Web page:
Here at the Museu Picasso we have at last got round to tackling a very important pending aspect of accessibility: accessibility of communication. We have long been aware of the need to make accessible to everyone not just the physical space of the museum but also our content, and had marked it out as a priority, as we noted in a previous post.
Preparation of the exhibition “Feasting on Paris. Picasso 1900-1907” gave us the perfect opportunity to incorporate communication accessibility measures and implement these in the exhibition process. In this task we have benefitted from the invaluable input of Barcelona’s Institut de Cultura (ICUB), guiding us through the process and providing support at each step. For some time now the ICUB has been providing the city’s museums with the tools they need to improve in this facet of communication in general, and especially in the production of temporary exhibitions.
We at the Museum wanted to incorporate communication accessibility criteria right from the start of the production process, fully embracing a fundamental reality: to bear in mind the relevant measures and actions in the whole museological conception of the exhibition, from the formulation of the brief given to the professionals working on the interior layout and graphic design to the sharing of these concerns with the exhibition curator and their incorporation into our educational provision.
The transverse dimension has also been very important here, given that the accessibility of communication has to do with all of the facets involved in putting on an exhibition. The process has therefore been shared and discussed with the participation of the heads of Visitor Services, Communication and Graphic Design, Public Programmes and Exhibition Coordination and Production. In addition to the ICUB input we have had ongoing advice and guidance from the Municipal Institute for People with Disabilities, enabling us to formulate and implement a proposal for action that is balanced and, most importantly, achievable.
Presentation of accessibility communicative measures for the exhibition “Feasting on Paris. Picasso 1900-1907.” Photo: Quim Vicente
The interventions range from the simple to the complex: Communication produced gallery guides with the exhibition texts in Braille and large print, while Exhibition Coordination took charge of the wall texts to ensure the exhibition information was in a typeface and a size that made it easy to read and that the colour combinations would not present difficulties for people with visual disabilities. As well as coordinating the actions of the various departments, Visitor Services provided training for staff working with the public on improving interaction with and attention to people with different forms of sensory disability.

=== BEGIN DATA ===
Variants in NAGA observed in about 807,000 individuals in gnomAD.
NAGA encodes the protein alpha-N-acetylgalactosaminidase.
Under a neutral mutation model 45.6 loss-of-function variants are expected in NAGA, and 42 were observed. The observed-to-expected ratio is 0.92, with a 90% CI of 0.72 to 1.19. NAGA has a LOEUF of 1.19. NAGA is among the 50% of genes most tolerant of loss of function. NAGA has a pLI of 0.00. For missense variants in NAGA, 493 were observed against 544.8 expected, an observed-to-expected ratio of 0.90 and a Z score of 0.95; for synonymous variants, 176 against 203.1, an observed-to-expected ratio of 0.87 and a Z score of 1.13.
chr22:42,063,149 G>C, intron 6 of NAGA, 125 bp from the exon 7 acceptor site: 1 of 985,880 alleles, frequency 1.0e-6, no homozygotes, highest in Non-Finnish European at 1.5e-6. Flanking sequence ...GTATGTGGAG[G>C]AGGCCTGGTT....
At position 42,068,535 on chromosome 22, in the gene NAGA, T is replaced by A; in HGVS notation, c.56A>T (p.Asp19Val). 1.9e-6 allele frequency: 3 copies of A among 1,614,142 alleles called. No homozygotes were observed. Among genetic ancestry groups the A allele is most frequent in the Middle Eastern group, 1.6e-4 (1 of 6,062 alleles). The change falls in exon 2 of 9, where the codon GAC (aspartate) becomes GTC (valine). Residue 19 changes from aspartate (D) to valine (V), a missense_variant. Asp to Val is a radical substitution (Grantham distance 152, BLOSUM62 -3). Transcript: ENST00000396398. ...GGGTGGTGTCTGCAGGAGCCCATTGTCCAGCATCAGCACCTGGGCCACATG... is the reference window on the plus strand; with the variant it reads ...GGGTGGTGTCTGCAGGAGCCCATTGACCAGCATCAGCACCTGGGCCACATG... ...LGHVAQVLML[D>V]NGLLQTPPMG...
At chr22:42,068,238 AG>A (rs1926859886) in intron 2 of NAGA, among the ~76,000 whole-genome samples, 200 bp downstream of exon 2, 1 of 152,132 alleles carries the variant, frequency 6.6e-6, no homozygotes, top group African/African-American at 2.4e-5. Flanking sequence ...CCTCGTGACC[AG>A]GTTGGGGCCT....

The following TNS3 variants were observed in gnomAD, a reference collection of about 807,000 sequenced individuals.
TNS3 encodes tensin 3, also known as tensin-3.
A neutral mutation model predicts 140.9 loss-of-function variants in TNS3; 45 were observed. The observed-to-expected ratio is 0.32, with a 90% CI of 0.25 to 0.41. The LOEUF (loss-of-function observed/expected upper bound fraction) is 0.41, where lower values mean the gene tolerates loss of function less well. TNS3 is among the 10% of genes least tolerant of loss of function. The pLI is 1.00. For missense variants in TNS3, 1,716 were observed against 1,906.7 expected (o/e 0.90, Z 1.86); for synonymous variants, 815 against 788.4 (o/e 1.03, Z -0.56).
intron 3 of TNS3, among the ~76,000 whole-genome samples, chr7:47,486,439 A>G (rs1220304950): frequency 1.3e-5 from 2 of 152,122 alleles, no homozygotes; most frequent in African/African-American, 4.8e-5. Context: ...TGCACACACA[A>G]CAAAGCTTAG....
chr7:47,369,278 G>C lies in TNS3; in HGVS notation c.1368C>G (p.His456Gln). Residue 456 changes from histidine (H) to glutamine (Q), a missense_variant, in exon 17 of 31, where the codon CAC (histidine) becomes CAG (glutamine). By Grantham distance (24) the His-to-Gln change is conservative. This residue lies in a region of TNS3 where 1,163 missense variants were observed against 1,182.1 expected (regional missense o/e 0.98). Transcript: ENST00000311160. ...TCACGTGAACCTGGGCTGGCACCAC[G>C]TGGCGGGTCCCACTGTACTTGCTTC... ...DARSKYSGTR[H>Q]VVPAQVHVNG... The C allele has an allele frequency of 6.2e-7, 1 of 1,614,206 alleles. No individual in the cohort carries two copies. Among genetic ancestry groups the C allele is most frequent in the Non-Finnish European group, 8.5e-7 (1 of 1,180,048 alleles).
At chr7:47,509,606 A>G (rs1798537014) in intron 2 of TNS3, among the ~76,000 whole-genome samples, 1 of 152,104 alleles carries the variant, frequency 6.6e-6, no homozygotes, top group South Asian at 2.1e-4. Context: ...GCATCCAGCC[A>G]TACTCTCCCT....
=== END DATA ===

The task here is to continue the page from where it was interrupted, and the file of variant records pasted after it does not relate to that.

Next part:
Embossed images. Picasso, The Embrace.
Meanwhile, the Education Service of the Public Programmes Department developed adapted visits for visually impaired people, using descriptive narrative to articulate the visit, reproducing in relief of some of the works on show, the tactile perception of the silhouettes facilitating an appreciation of the picture’s structure, and including a life-size reproduction of a wooden figurine featured in the exhibition. Adapted visits have also been scheduled for people with hearing impairment, incorporating sign language, lip reading and FM broadcast commentary. The Museum has also arranged guided tours for people with intellectual disabilities, working in conjunction with occupational therapy groups; in fact we have been organizing these visits for a few years now, taking school groups with students with intellectual disabilities around the permanent collection.
Embossed images. Picasso, Portrait of señora Canals.
However, none of the improvements in accessibility of communication that have been implemented would have been possible without the teamwork that went into the whole process, because of the crucial importance not only of a comprehensive approach that involves all of the different departments, but also of the enriching prior process of information sharing and discussion, the selection of possible actions and the assumption of these as an integral part of the work of the Museum.
Among the many debates that have arisen here, a lot has been said about the role of the museum as a space of research and exploration that affords a deeper understanding of our artistic culture and cultural heritage, and about ways of finding the best way to communicate this task to our various publics, ranging from those with specialist expertise to those with greater difficulty in accessing this information. We have not yet reached any conclusion, but this is a topic in which we would like to involve other museums and our publics.
In the meantime we are actively engaged in a variety of actions with groups and individual visitors with disabilities, and our positive experiences are making it clear that there is palpable improvement here for a broad spectrum of the population that goes beyond people with disabilities. Improved access to communication benefits us all, especially when, as in our experience, it is embraced as a global project that is present from the very beginning of the working process and not as an afterthought or annex reserved for groups with specific needs.
Quim Vicente and Anna Guarro